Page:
Almost two months on since Typhoon Yolanda (Haiyan) and the situation is far from normal for many families living in the Municipality of Tanauan, Leyte. For those communities living along the coastal barangay of San Roque, the situation is still extremely dire after their homes, possessions and livelihoods were washed away from the powerful storm surges that unforgivingly struck the local coastline on November 8, 2013.
For outsiders; the recovery must seem incredibly simple. Just rebuild the homes and restore the lives of those families that have been so tragically affected. Unfortunately, the recovery efforts for the coastline communities in Tanauan, Leyte are not as simple as what they first seem. The first complication arises as a result of the sheer devastation inflicted to the local landscape; it’s not only homes and possessions that have been destroyed, but also the vast majority of the local livelihood. Aside from that, most families cannot rebuild on the original site of their previous homes since they did not previously own the land or because the site of their previous home lies within 50 meters of the shoreline – an area which has been strictly blacklisted for building upon.
So, what’s the solution? Well that’s what the VFV team have been looking into over the last week through a series of conversations with local community members and families. Rebuilding at the present moment in time is completely out of the question; since families have not been allocated any land to start construction on.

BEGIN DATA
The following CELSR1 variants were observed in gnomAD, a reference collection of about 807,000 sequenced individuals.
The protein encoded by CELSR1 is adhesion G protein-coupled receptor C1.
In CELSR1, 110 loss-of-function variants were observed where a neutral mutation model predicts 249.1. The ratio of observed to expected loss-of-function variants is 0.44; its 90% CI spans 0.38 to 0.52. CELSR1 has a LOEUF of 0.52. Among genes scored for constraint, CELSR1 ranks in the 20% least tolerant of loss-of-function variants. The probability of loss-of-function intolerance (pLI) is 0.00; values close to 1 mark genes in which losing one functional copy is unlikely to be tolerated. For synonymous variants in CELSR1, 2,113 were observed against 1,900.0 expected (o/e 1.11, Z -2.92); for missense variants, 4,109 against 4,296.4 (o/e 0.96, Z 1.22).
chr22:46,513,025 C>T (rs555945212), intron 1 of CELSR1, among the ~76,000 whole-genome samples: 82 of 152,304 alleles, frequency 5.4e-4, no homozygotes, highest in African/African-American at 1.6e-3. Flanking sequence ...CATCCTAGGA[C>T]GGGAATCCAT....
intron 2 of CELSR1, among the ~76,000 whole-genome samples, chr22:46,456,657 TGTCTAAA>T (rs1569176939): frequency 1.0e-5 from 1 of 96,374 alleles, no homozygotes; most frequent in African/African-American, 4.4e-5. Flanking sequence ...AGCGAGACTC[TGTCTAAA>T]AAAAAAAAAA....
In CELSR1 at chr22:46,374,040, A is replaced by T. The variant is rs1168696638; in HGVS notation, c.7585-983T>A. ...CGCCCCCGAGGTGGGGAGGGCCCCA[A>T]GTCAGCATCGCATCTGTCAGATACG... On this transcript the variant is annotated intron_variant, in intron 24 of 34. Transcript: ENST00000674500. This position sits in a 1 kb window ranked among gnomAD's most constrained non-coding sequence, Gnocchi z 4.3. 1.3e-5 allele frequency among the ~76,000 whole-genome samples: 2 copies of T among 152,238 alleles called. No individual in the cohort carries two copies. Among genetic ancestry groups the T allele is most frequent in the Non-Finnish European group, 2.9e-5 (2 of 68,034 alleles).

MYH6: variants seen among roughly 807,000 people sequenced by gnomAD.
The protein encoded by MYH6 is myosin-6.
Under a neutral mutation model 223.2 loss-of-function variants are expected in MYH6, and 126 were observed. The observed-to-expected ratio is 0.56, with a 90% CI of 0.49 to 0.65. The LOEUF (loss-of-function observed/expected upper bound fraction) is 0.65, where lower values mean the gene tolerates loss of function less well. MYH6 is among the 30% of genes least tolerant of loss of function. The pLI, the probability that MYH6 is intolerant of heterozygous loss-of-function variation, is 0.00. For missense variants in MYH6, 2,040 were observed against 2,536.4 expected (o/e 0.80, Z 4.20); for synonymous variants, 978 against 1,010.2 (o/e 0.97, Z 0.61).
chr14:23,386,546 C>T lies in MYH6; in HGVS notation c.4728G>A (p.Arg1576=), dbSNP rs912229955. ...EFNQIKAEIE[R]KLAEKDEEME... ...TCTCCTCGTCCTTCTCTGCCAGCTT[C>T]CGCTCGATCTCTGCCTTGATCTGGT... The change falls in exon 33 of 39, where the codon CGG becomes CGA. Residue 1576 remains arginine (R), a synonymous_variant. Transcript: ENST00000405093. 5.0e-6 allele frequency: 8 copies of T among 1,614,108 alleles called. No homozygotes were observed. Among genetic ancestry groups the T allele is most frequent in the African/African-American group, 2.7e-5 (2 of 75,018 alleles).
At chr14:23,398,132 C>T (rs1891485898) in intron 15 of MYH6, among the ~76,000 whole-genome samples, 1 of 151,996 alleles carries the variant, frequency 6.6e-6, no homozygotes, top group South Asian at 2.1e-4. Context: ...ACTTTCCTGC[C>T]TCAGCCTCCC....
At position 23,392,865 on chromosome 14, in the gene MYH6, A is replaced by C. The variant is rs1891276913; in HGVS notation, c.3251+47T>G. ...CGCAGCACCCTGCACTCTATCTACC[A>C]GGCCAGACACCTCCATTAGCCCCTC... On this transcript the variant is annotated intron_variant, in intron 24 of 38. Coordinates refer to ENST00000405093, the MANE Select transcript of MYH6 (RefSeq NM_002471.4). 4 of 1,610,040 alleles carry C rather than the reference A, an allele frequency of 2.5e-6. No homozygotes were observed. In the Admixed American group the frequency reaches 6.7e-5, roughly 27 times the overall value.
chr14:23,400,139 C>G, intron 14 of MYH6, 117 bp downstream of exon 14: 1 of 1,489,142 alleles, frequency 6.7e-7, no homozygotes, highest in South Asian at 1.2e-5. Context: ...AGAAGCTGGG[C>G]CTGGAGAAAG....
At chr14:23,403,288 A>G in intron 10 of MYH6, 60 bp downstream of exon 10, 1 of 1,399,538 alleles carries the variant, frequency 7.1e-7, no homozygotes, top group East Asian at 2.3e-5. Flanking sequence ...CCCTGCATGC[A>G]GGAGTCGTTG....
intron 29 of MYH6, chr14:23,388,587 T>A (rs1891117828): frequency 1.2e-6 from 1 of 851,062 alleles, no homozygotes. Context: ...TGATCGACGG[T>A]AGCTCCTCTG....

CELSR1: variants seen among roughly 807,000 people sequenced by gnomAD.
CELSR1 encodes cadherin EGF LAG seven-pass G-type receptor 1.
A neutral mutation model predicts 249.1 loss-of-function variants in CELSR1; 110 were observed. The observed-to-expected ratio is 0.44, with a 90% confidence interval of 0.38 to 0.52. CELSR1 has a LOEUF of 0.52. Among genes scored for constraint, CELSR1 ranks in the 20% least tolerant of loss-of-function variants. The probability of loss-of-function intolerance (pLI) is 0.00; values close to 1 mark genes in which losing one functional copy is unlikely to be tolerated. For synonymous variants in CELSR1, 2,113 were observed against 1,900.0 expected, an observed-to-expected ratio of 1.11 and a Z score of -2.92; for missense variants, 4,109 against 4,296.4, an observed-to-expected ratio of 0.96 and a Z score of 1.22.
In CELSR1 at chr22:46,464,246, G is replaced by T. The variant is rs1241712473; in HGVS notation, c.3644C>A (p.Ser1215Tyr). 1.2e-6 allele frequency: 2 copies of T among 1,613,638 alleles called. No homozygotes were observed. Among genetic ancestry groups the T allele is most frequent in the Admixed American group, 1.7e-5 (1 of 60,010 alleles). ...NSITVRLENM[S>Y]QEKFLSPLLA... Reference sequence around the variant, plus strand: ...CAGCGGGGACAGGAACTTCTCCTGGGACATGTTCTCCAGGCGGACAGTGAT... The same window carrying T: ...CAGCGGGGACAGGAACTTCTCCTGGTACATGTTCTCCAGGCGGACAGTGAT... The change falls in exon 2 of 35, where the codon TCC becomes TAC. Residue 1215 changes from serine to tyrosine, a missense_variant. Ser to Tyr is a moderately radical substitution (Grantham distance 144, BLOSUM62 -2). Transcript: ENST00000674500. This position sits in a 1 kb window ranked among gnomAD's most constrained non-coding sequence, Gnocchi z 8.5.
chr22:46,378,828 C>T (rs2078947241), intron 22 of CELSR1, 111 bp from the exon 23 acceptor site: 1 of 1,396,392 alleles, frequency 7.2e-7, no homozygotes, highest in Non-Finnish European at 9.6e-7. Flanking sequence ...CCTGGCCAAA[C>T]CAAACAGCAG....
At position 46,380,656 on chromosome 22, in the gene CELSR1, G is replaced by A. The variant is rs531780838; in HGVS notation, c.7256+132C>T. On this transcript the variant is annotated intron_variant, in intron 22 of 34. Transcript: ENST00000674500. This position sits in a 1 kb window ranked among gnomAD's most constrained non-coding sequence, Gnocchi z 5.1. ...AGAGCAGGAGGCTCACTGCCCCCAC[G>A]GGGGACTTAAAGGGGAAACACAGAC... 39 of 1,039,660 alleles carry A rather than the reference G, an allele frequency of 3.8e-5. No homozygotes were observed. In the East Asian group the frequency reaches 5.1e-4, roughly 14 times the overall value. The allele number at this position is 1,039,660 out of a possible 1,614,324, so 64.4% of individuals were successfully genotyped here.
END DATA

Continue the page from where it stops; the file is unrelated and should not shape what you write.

Instead, VFV are looking into livelihood development as an immediate means to assist the families of children enrolled on it’s Child Sponsorship Program. Several options are still being discussed and evaluated, but as of right now a micro-lending program to construct and distribute fishing boats seems to be trumping other options. The advantages of this set-up will reduce the sentiment of dependency for many families by giving them the opportunity to once again create their own livelihood and build their own future. Restoring basic services such as fishing will also help stimulate the local economy, drive down the local cost of fish and as a result benefit the extended community of the area as a whole.
The situation in Tanauan is still incredibly complex and it will take time to ensure the exact deliverables of this project in order to assure long-term sustainability; however VFV are adamant on piloting the project within the next thirty days.
Until then families in San Roque cannot be fully rehabilitated, many of them will continue to be dependent on relief goods for the foreseeable future. The situation in San Roque is tough, it’s a uphill battle, but the families have not been forgotten.
We’re eager to hear your thoughts on our plans for San Roque. If you have any comments or suggestions, please submit them below. Further updates will be available in due course.